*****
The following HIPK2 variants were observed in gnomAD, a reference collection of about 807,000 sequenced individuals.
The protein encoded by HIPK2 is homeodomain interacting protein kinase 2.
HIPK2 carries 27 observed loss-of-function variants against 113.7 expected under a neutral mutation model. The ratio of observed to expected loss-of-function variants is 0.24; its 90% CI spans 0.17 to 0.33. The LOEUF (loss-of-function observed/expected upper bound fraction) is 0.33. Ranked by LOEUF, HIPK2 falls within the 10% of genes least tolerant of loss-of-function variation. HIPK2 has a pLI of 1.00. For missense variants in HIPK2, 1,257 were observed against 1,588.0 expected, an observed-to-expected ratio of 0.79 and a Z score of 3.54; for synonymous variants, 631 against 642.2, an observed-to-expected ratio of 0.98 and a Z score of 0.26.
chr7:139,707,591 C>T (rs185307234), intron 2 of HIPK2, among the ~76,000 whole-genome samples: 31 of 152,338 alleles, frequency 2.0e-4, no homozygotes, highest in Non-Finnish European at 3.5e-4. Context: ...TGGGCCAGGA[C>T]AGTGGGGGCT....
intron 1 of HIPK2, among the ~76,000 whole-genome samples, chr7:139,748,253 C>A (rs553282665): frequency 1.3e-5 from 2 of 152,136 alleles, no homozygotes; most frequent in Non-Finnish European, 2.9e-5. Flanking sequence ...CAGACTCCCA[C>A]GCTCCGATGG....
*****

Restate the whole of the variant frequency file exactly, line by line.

The following HIPK2 variants were observed in gnomAD, a reference collection of about 807,000 sequenced individuals.
The protein encoded by HIPK2 is homeodomain interacting protein kinase 2.
HIPK2 carries 27 observed loss-of-function variants against 113.7 expected under a neutral mutation model. The ratio of observed to expected loss-of-function variants is 0.24; its 90% CI spans 0.17 to 0.33. The LOEUF (loss-of-function observed/expected upper bound fraction) is 0.33. Ranked by LOEUF, HIPK2 falls within the 10% of genes least tolerant of loss-of-function variation. HIPK2 has a pLI of 1.00. For missense variants in HIPK2, 1,257 were observed against 1,588.0 expected, an observed-to-expected ratio of 0.79 and a Z score of 3.54; for synonymous variants, 631 against 642.2, an observed-to-expected ratio of 0.98 and a Z score of 0.26.
chr7:139,707,591 C>T (rs185307234), intron 2 of HIPK2, among the ~76,000 whole-genome samples: 31 of 152,338 alleles, frequency 2.0e-4, no homozygotes, highest in Non-Finnish European at 3.5e-4. Context: ...TGGGCCAGGA[C>T]AGTGGGGGCT....
intron 1 of HIPK2, among the ~76,000 whole-genome samples, chr7:139,748,253 C>A (rs553282665): frequency 1.3e-5 from 2 of 152,136 alleles, no homozygotes; most frequent in Non-Finnish European, 2.9e-5. Flanking sequence ...CAGACTCCCA[C>A]GCTCCGATGG....